A question can be asked. Who is being held accountable for the deaths of literally hundreds if not thousands of civilians killed in drone attacks carried out by the US government?


If we lived in a correct and just society, and respected the principles put forth in the founding charter of the UN, Sgt. Bales would not be the only one going to prison.

He would be joined by President Obama and his administration as well as President Bush and his administration.

All of whom could easily be considered as war criminals.

It appears that once more America’s varying standards of justice are blindingly on display.

In what can only be called the “Inverse Nuremberg Principle,” if a front line US soldier massacres innocent civilians he can expect to be executed or spend the rest of his life in prison.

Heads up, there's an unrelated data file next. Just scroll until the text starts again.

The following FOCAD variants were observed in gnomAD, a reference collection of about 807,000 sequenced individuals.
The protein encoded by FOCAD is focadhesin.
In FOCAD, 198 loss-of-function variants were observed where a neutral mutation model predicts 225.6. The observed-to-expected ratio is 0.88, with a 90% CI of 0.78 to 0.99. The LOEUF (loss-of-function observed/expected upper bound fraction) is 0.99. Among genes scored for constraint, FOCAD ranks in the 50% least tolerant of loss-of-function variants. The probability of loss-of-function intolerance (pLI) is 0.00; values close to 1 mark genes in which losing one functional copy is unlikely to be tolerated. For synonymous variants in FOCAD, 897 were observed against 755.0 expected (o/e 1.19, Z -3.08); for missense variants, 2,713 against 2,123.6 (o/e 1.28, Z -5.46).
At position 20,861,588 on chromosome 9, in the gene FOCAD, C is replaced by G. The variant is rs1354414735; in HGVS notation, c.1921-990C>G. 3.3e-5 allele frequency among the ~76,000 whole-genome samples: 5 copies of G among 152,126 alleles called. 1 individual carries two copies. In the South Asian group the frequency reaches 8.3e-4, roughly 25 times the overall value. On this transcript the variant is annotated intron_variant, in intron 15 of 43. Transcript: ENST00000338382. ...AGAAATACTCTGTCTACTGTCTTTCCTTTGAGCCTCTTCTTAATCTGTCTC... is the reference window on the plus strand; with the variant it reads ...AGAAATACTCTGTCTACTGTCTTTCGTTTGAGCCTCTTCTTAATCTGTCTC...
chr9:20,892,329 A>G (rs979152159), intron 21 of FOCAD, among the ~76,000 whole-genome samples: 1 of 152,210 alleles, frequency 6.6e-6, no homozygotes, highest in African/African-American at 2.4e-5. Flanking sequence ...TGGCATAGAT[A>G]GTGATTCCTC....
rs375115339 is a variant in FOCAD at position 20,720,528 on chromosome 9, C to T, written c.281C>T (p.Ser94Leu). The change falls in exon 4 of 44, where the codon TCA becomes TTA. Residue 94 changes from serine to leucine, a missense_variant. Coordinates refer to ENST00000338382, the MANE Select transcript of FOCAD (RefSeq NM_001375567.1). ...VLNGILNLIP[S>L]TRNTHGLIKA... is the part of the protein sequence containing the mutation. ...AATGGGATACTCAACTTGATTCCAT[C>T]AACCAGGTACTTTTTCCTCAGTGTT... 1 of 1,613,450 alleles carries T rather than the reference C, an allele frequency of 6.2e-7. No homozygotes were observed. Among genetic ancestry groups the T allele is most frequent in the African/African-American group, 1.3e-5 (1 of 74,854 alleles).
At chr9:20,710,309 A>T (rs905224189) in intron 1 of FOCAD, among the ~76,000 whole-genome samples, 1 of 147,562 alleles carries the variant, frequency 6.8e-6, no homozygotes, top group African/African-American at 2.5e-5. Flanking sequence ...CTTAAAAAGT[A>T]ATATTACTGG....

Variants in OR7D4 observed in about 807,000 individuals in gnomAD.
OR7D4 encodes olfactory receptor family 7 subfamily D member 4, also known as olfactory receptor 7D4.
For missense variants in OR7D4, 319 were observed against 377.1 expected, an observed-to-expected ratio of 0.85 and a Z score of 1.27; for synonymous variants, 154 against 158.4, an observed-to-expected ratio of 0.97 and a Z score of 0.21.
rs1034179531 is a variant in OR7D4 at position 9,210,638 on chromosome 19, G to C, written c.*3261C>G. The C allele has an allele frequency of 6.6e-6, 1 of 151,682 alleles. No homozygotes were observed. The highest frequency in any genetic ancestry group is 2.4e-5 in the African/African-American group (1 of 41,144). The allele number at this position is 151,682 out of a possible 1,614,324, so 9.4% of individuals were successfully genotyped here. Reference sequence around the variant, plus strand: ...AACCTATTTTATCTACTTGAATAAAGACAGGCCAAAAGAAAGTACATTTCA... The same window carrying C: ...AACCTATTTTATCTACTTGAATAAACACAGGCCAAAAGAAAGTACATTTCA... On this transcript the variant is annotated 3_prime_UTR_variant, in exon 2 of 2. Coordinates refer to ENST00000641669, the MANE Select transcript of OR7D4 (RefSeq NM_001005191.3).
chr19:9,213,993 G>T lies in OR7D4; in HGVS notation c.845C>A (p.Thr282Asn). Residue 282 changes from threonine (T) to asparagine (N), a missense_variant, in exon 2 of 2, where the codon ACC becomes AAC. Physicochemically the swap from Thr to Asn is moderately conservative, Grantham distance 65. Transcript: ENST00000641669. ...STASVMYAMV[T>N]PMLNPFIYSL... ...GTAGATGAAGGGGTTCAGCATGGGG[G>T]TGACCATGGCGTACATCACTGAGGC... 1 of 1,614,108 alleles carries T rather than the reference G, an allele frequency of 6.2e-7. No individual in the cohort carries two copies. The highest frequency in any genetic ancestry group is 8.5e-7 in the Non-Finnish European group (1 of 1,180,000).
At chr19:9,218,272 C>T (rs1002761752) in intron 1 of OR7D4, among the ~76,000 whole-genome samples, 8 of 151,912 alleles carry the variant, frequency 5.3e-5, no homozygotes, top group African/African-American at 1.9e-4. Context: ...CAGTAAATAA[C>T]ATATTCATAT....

If the President of the United States massacres innocent civilians he can expect to have a library named after him or win a Nobel Peace Prize.

Tom McNamara is an Assistant Professor at the ESC Rennes School of Business, France, and a Visiting Lecturer at the French National Military Academy at Saint-Cyr Coëtquidan, France


“AF removes RPA airstrike number from summary” by Brian Everstine, March 8, 2013, Air Force Times. Accessed at:

“Army Seeks Death Penalty in Afghan Massacre” by Kirk Johnson, November 13, 2012, The New York Times. Accessed at:

“Bales to plead guilty to Afghan massacre” By Gene Johnson, May 30, 2013. The Associated Press, reported in Navy Times. Accessed at:

“Death from afar” The Economist, November 3rd-9th, 2012. Accessed at:

“Erased US data shows 1 in 4 missiles in Afghan airstrikes now fired by drone” by Alice K. Ross, March 12th, 2013, The Bureau of Investigative Journalism. Accessed at: